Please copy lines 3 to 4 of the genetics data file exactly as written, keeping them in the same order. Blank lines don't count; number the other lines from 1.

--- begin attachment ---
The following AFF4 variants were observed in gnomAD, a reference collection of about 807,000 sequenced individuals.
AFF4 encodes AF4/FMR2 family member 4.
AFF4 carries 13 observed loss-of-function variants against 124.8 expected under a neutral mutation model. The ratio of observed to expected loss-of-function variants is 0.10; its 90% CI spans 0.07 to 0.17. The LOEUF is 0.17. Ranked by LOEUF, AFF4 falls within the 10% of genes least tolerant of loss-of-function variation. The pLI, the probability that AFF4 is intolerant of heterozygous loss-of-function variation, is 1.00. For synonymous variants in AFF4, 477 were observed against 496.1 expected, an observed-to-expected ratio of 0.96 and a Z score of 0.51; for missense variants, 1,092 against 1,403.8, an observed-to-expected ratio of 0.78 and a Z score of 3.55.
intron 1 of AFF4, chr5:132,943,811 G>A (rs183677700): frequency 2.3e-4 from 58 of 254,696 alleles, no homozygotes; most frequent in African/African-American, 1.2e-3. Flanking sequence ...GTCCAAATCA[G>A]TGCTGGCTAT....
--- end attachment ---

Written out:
AFF4 carries 13 observed loss-of-function variants against 124.8 expected under a neutral mutation model. The ratio of observed to expected loss-of-function variants is 0.10; its 90% CI spans 0.07 to 0.17. The LOEUF is 0.17. Ranked by LOEUF, AFF4 falls within the 10% of genes least tolerant of loss-of-function variation. The pLI, the probability that AFF4 is intolerant of heterozygous loss-of-function variation, is 1.00. For synonymous variants in AFF4, 477 were observed against 496.1 expected, an observed-to-expected ratio of 0.96 and a Z score of 0.51; for missense variants, 1,092 against 1,403.8, an observed-to-expected ratio of 0.78 and a Z score of 3.55.
intron 1 of AFF4, chr5:132,943,811 G>A (rs183677700): frequency 2.3e-4 from 58 of 254,696 alleles, no homozygotes; most frequent in African/African-American, 1.2e-3. Flanking sequence ...GTCCAAATCA[G>A]TGCTGGCTAT....